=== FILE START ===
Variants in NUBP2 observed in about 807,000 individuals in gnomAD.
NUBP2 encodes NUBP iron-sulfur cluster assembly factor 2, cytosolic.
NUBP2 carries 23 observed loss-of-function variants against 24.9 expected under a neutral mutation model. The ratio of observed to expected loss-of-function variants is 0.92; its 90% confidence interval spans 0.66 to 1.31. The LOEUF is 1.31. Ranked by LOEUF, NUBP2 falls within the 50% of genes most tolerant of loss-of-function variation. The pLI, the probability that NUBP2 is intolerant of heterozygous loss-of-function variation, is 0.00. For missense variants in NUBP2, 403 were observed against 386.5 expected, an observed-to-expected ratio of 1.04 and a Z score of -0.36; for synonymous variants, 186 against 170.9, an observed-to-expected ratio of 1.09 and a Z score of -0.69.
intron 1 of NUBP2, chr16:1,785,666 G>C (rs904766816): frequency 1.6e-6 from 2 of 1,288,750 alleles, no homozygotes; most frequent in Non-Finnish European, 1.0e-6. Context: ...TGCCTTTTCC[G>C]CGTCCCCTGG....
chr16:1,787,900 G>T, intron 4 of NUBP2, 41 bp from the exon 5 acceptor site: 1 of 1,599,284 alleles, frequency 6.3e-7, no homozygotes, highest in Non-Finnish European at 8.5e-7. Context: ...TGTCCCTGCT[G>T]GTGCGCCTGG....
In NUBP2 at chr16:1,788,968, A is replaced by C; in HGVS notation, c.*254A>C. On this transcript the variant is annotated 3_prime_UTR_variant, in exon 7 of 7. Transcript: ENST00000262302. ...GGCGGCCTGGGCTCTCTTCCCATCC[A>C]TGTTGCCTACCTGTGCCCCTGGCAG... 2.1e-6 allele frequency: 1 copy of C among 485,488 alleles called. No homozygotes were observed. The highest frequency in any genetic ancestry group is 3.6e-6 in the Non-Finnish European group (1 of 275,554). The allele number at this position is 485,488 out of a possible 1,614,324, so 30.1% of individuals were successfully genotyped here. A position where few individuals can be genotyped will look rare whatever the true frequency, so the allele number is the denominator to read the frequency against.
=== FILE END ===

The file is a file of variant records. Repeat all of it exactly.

Variants in NUBP2 observed in about 807,000 individuals in gnomAD.
NUBP2 encodes NUBP iron-sulfur cluster assembly factor 2, cytosolic.
NUBP2 carries 23 observed loss-of-function variants against 24.9 expected under a neutral mutation model. The ratio of observed to expected loss-of-function variants is 0.92; its 90% confidence interval spans 0.66 to 1.31. The LOEUF is 1.31. Ranked by LOEUF, NUBP2 falls within the 50% of genes most tolerant of loss-of-function variation. The pLI, the probability that NUBP2 is intolerant of heterozygous loss-of-function variation, is 0.00. For missense variants in NUBP2, 403 were observed against 386.5 expected, an observed-to-expected ratio of 1.04 and a Z score of -0.36; for synonymous variants, 186 against 170.9, an observed-to-expected ratio of 1.09 and a Z score of -0.69.
intron 1 of NUBP2, chr16:1,785,666 G>C (rs904766816): frequency 1.6e-6 from 2 of 1,288,750 alleles, no homozygotes; most frequent in Non-Finnish European, 1.0e-6. Context: ...TGCCTTTTCC[G>C]CGTCCCCTGG....
chr16:1,787,900 G>T, intron 4 of NUBP2, 41 bp from the exon 5 acceptor site: 1 of 1,599,284 alleles, frequency 6.3e-7, no homozygotes, highest in Non-Finnish European at 8.5e-7. Context: ...TGTCCCTGCT[G>T]GTGCGCCTGG....
In NUBP2 at chr16:1,788,968, A is replaced by C; in HGVS notation, c.*254A>C. On this transcript the variant is annotated 3_prime_UTR_variant, in exon 7 of 7. Transcript: ENST00000262302. ...GGCGGCCTGGGCTCTCTTCCCATCC[A>C]TGTTGCCTACCTGTGCCCCTGGCAG... 2.1e-6 allele frequency: 1 copy of C among 485,488 alleles called. No homozygotes were observed. The highest frequency in any genetic ancestry group is 3.6e-6 in the Non-Finnish European group (1 of 275,554). The allele number at this position is 485,488 out of a possible 1,614,324, so 30.1% of individuals were successfully genotyped here. A position where few individuals can be genotyped will look rare whatever the true frequency, so the allele number is the denominator to read the frequency against.